RetroPie Can Be A Cheaper DIY Option To New Classic Gaming Consoles

The gaming world has gotten very excited in the past few months with the news that Nintendo is releasing a new version of their classic and mega successful console, the Nintendo Entertainment System or NES. The NES Classic Edition is set to hit retailers this November with a retail price of $60. AtGames, the company behind the Atari Flashback and Sega Mega Drive/Genesis classic consoles, have also recently announced new versions of their consoles and handhelds coming October 2016.

The pros and cons for these new offerings have been raging in gaming forums across the internet and opinions are divided. What most retro-minded consumers may not be aware of though, is that you can create your own retro console using Raspberry Pie (or your existing PC) for less than the asking price of the new NES Classic Edition. Plus you'll have access to hundreds more games than the new consoles can offer. If you are a true DIY person, you can even take it a step further and build your own arcade cabinet machine.

RetroPie is free software that allows you to play games from several different platforms. It build on existing software and components for play your retro games with minimum set-up. Here are a few items you'll need to get started:

Raspberry Pie
You may have heard of the Raspberry Pie. If not, it is like a mini computer which is for a massive range of applications all over the world, from shops to online casinos (I prefer Apnet – Casino) and even in homes.

Basically, you can load lots of programs onto the hard drive, even a version of Windows. The latest version Raspberry Pie 3 is recommended as it now features both Bluetooth and Wi-Fi built-in. Although neither are really required to play or install, both make the new version more handy that its predecessor.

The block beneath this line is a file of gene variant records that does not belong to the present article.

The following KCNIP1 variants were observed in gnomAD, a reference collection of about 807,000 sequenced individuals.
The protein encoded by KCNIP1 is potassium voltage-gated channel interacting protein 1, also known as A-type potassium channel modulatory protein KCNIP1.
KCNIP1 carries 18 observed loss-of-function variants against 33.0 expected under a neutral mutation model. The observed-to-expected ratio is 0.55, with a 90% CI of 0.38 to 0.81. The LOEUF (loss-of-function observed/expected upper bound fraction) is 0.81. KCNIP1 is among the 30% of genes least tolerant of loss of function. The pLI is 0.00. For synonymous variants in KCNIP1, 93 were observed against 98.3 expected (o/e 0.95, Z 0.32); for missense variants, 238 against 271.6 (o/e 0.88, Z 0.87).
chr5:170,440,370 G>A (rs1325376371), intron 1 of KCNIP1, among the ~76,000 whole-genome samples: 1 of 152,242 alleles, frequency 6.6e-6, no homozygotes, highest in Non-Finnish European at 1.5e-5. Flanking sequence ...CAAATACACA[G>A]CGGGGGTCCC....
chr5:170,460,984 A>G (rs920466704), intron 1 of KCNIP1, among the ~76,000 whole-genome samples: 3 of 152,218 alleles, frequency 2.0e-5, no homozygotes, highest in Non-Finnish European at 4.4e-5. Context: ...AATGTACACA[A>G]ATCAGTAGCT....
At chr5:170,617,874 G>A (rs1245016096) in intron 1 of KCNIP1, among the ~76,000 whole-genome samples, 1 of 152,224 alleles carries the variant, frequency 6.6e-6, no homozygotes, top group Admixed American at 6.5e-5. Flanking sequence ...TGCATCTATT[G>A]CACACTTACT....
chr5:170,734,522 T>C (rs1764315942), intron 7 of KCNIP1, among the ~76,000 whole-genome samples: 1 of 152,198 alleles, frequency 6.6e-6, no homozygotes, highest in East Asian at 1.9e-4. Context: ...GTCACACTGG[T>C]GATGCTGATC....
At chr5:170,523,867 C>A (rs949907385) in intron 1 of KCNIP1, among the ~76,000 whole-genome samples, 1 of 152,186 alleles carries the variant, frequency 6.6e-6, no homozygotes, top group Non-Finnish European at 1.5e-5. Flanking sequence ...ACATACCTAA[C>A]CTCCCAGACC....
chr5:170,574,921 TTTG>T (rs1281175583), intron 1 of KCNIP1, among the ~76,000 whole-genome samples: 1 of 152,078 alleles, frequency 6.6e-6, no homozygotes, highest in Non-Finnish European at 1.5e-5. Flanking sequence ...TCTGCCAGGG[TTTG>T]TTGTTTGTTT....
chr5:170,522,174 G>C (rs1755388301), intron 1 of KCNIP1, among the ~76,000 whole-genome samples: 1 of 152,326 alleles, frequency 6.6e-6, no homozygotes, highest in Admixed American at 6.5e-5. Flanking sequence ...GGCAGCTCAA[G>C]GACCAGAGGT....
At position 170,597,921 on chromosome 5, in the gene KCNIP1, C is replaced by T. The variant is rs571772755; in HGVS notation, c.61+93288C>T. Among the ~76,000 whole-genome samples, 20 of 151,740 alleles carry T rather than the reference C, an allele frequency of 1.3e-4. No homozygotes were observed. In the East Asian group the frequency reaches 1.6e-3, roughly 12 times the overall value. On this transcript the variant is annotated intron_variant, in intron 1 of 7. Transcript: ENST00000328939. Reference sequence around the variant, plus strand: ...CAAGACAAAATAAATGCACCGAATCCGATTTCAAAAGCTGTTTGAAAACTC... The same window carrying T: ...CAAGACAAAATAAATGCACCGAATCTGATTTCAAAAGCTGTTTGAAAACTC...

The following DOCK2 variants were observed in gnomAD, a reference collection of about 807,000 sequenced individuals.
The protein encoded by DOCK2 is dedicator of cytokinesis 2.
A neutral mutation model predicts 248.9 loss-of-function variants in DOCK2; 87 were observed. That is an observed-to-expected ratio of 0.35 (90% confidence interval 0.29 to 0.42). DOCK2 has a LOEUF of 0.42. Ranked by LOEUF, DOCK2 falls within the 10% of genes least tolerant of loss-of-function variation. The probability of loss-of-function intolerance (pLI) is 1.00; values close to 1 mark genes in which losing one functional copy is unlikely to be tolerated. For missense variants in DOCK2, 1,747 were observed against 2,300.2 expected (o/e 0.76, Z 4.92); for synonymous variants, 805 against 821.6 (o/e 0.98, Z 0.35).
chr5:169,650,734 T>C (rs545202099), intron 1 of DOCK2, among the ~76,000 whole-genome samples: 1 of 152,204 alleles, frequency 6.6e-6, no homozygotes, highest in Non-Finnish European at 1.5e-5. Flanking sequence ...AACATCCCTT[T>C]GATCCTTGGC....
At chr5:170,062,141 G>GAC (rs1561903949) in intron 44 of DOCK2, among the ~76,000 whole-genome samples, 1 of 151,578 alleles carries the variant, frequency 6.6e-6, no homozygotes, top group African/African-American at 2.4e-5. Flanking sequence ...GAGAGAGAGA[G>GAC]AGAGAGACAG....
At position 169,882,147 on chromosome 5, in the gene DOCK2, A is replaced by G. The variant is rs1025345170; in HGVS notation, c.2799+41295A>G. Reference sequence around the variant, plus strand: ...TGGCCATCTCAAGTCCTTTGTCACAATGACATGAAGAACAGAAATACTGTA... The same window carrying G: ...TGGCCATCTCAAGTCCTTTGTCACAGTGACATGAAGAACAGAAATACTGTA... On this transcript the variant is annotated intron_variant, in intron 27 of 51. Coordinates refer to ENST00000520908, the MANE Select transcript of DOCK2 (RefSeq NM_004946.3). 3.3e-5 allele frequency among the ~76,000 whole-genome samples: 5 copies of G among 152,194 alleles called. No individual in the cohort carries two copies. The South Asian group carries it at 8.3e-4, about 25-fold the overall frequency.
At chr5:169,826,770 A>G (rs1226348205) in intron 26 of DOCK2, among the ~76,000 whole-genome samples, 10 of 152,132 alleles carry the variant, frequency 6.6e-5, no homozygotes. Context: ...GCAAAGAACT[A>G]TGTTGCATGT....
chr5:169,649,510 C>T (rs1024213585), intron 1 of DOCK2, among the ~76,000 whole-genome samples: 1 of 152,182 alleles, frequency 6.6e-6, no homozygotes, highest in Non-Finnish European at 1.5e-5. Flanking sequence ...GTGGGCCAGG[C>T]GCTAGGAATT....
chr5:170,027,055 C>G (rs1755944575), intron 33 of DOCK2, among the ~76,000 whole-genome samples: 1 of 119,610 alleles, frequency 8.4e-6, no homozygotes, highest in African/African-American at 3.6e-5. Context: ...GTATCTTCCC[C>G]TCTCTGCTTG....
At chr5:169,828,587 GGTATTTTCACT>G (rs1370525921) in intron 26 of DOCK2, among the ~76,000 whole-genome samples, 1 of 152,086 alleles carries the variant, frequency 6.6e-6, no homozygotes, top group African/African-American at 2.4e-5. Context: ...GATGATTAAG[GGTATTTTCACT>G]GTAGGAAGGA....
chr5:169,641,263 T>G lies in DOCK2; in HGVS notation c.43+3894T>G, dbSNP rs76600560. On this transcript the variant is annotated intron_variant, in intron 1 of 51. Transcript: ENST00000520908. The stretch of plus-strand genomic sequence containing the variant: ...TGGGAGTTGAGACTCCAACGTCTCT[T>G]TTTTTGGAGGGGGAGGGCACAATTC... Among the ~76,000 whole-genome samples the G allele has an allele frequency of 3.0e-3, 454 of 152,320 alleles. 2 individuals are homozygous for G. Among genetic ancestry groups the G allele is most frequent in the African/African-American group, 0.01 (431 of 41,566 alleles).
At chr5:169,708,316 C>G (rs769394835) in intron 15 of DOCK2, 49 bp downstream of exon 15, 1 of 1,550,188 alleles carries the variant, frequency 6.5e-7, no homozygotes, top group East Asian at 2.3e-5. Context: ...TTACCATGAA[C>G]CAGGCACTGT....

Raspbian is the official operating system that you’ll have to load via SD card onto the Pie. This is what allows you to run the games for a huge amount of different consoles including NES, SNES, Genesis/Mega Drive, Sega CD, all the way up to the PlayStation One era of consoles.

Even MAME games can be loaded, making this a retro gamer's dream.

ROMS are basically the game files that you need to play. Several websites offer ROMs online to play for free including the Internet Archive. Ethically speaking, you should own the game cartridge prior to downloading. When you have obtained your ROMS, simply load them to a thumb drive, insert to the Pie, and turn on the power.

It is a good idea to insert this same thumb drive to the Pie first, and the Pie will create a whole hierarchy of folders for you, making it easy to know exactly where ROMs need to be filed.

The Pie will recognize a wide range of controller or pads, connected via USB like the Dualshock 3. Many companies are now specializing solely in retro remakes of controllers. For perfect Nintendo recreations, 8Bitdo is highly recommended. Once you have configured your button inputs, you are ready to go.

There is a far more comprehensive guide available on the Retropie website, but this basic introduction to the concept of retro gaming using Raspberry Pie will get you started.

Image credits Alphr, Domoticx, WikiCommons

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